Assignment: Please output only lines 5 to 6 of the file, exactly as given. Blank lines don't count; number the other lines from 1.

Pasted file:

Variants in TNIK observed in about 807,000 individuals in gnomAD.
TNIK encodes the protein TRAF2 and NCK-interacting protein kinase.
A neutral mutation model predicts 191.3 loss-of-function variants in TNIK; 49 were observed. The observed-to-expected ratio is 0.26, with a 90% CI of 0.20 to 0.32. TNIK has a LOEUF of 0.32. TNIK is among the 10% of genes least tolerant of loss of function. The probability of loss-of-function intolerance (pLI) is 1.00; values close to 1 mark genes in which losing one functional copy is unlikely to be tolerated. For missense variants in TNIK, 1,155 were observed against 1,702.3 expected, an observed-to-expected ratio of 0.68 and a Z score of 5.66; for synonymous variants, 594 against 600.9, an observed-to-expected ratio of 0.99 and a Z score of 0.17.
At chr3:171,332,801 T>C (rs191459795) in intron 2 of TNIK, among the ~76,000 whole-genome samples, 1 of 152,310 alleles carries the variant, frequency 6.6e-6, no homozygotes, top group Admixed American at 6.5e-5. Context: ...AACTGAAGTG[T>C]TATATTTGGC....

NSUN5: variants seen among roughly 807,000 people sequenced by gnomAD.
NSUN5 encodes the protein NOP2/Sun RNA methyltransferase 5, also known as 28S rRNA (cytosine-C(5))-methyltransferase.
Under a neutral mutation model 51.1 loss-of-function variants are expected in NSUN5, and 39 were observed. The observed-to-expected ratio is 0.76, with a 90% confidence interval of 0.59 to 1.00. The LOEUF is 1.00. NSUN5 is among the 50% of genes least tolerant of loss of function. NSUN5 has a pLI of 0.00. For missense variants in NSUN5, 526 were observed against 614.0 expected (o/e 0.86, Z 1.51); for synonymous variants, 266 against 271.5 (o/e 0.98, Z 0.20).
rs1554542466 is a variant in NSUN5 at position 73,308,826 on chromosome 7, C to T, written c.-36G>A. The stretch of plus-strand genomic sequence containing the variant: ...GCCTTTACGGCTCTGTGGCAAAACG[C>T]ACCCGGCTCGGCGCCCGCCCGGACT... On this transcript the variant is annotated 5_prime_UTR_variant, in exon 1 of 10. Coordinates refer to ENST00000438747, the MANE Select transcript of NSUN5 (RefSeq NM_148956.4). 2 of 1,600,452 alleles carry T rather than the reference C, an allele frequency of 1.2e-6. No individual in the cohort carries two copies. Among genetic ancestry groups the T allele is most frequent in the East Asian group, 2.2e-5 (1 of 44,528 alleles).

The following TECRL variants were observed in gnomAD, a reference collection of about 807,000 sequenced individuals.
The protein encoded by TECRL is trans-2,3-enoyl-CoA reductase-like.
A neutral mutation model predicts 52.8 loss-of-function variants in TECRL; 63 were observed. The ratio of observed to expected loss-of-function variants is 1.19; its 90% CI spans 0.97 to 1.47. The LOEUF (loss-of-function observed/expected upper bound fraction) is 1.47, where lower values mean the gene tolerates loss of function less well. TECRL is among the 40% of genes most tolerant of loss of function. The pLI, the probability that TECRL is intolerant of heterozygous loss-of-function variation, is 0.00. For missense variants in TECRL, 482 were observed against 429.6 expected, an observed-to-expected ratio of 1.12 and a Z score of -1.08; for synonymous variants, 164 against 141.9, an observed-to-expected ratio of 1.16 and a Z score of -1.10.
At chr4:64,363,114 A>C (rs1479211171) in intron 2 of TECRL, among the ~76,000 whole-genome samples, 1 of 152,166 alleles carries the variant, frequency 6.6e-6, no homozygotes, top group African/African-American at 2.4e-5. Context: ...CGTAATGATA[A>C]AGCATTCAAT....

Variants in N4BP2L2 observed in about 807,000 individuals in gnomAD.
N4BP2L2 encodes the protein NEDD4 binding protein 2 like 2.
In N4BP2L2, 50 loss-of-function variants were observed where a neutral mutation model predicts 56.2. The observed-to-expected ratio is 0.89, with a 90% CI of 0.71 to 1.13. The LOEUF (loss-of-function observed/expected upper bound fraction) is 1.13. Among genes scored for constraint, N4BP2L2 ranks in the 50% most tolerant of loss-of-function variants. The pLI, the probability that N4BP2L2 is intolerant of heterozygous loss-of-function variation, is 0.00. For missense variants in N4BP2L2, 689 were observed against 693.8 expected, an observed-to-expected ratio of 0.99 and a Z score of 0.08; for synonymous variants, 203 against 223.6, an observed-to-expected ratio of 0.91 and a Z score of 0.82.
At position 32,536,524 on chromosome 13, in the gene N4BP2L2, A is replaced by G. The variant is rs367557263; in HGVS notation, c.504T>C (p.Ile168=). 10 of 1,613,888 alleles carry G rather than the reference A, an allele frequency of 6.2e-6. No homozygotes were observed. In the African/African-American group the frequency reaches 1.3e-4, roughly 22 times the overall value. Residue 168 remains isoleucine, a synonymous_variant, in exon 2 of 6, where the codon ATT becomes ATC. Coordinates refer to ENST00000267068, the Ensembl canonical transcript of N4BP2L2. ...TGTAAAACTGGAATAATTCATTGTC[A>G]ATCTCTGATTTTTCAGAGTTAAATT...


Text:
NSUN5: variants seen among roughly 807,000 people sequenced by gnomAD.
NSUN5 encodes the protein NOP2/Sun RNA methyltransferase 5, also known as 28S rRNA (cytosine-C(5))-methyltransferase.